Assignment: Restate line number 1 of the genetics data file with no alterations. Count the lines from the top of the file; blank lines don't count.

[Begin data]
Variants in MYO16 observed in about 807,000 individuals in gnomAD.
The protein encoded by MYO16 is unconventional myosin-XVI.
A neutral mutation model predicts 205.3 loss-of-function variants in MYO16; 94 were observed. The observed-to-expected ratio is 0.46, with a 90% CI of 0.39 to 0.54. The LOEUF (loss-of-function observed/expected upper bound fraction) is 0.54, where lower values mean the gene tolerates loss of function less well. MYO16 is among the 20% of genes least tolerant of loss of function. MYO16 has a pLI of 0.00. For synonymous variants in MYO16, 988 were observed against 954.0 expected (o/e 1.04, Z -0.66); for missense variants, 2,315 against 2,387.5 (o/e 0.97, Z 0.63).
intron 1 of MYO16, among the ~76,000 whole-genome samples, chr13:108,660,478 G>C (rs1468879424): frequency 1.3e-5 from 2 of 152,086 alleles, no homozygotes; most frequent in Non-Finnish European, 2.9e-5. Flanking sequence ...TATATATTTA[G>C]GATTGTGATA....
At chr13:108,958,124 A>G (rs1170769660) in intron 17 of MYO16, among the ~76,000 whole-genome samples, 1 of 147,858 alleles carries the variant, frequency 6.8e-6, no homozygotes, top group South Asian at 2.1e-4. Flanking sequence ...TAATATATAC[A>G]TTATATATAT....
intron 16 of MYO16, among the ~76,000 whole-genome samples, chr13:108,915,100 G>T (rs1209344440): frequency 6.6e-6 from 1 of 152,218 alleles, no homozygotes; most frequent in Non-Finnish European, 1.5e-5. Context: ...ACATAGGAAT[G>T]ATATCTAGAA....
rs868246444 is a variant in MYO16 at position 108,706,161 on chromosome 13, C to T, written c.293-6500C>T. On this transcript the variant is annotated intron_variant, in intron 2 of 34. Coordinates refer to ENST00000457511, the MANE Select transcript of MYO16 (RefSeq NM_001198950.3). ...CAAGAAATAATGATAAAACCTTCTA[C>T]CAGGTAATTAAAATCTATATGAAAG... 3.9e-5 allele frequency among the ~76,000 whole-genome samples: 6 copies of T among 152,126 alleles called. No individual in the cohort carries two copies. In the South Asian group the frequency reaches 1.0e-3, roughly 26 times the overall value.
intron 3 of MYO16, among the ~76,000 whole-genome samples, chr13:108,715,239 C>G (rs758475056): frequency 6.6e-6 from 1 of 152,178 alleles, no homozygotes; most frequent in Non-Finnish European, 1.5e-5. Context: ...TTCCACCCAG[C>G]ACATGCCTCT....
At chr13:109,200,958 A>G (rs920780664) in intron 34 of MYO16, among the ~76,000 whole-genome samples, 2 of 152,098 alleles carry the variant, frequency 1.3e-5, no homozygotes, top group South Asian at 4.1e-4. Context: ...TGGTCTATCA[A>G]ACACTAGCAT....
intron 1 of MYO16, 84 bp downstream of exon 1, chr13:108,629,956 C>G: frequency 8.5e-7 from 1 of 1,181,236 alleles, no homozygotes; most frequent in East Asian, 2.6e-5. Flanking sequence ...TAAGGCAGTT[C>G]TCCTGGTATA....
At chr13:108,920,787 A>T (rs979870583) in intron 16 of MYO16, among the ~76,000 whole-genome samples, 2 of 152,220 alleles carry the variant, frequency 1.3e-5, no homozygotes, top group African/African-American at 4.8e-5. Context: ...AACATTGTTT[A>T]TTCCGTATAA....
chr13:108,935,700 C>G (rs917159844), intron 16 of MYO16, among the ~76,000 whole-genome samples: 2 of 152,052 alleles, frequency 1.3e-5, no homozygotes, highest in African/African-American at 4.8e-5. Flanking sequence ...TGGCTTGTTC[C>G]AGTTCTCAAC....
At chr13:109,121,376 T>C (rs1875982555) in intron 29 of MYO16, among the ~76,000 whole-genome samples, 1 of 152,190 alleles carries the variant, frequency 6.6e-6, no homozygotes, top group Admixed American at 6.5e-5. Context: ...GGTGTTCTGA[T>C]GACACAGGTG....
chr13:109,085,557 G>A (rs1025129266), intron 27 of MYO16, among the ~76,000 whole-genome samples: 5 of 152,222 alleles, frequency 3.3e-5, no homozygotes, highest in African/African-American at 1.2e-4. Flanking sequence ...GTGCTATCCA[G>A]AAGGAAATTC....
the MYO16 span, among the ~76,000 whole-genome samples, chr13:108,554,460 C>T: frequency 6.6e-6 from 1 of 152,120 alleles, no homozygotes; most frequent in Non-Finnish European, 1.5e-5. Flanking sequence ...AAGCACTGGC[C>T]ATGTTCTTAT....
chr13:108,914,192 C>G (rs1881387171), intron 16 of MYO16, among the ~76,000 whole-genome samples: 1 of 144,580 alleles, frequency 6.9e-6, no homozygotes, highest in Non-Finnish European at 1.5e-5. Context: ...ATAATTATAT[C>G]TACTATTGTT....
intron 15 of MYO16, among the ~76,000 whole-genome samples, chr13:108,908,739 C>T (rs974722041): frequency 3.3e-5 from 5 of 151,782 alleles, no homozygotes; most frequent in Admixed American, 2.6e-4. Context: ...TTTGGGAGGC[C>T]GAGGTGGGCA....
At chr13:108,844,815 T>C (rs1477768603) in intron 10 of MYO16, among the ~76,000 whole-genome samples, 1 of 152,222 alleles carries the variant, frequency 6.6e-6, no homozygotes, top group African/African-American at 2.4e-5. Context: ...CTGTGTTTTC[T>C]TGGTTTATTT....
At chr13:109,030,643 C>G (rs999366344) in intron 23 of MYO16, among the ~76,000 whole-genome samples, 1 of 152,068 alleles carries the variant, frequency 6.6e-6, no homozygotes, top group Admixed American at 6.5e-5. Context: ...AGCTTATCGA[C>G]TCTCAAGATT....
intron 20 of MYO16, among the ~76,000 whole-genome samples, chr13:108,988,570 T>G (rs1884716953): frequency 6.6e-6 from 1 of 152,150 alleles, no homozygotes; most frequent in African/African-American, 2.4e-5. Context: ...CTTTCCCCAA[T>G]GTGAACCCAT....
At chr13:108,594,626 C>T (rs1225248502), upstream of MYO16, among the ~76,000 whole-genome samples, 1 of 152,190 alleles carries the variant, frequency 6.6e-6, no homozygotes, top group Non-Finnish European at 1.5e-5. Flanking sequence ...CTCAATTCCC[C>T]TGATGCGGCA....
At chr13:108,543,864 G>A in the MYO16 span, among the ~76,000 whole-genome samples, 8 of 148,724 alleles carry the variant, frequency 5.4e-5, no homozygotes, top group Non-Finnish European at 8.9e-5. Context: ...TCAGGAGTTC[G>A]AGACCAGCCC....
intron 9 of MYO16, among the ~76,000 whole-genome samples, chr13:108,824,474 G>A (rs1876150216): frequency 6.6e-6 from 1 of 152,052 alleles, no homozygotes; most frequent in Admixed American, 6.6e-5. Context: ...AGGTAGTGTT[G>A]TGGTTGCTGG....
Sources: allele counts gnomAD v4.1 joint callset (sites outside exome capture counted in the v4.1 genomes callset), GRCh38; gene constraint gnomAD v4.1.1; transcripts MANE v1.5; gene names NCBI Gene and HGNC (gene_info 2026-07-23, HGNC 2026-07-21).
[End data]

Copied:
Variants in MYO16 observed in about 807,000 individuals in gnomAD.